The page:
On May 28, 2013, New York’s highest state court, the New York Court of Appeals, will hear oral argument regarding the scope and application of New York Labor Law 196-d and its tip splitting provisions to Starbucks’ tip pooling practices. The court’s analysis of these issues, which came to the court as certified questions from the Second Circuit Court of Appeals, is expected to have industry-wide implications, including guidance regarding what standard applies in determining who is eligible to participate in a tip pool and whether, and to what extent, an employer may exclude otherwise eligible employees from participating in a tip pool. As part of its deliberations, the Court will consider an amicus brief submitted on behalf of the New York State Restaurant Association by Jackson Lewis. A decision by the Court will hopefully provide clarity in this area of the law, as lingering uncertainty has served as a breeding ground for litigation.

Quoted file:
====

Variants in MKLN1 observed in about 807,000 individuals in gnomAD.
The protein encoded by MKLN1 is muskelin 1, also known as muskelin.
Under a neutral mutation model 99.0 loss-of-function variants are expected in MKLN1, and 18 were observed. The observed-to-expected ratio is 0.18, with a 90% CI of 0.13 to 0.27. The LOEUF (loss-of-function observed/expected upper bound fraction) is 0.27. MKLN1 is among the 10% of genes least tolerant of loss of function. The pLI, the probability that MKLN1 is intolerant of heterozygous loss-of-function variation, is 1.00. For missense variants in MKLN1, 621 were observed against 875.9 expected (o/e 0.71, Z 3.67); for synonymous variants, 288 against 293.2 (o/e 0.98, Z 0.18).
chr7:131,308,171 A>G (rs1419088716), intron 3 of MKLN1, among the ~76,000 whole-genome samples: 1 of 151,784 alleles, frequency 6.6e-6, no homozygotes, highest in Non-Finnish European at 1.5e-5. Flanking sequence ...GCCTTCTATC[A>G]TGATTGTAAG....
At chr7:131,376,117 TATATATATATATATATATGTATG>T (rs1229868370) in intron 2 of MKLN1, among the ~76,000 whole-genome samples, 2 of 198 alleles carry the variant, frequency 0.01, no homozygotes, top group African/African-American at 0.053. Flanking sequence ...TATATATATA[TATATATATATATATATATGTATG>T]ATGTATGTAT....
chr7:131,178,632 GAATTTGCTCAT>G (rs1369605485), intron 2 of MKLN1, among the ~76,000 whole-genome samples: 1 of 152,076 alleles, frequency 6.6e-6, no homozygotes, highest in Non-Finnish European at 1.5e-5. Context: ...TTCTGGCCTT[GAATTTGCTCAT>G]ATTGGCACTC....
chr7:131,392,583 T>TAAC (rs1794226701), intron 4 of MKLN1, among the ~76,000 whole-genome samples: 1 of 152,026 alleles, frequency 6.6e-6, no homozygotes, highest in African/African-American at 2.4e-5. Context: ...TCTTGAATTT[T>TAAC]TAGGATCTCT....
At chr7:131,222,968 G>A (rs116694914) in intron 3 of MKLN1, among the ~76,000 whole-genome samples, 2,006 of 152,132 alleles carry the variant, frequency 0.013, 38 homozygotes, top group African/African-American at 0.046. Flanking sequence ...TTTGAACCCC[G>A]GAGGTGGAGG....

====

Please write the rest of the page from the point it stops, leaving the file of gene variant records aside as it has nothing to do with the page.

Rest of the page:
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[UPDATE] Yesterday afternoon the Court of Appeals heard oral argument. While the Court did not preview any ruling, it did appear uncomfortable with the viewpoint advocated by counsel for the baristas, namely that any supervisory duties makes one ineligible to participate in a tip pool. The argument ultimately will be archived and available for viewing here. While the impact of the Court’s decision for the New York hospitality economy will be broad, the argument was historic for other reasons, as it marked the first session of argument presided over by newly-appointed Justice Sheila Abdus-Salaam, the first African-American female to serve on the high court.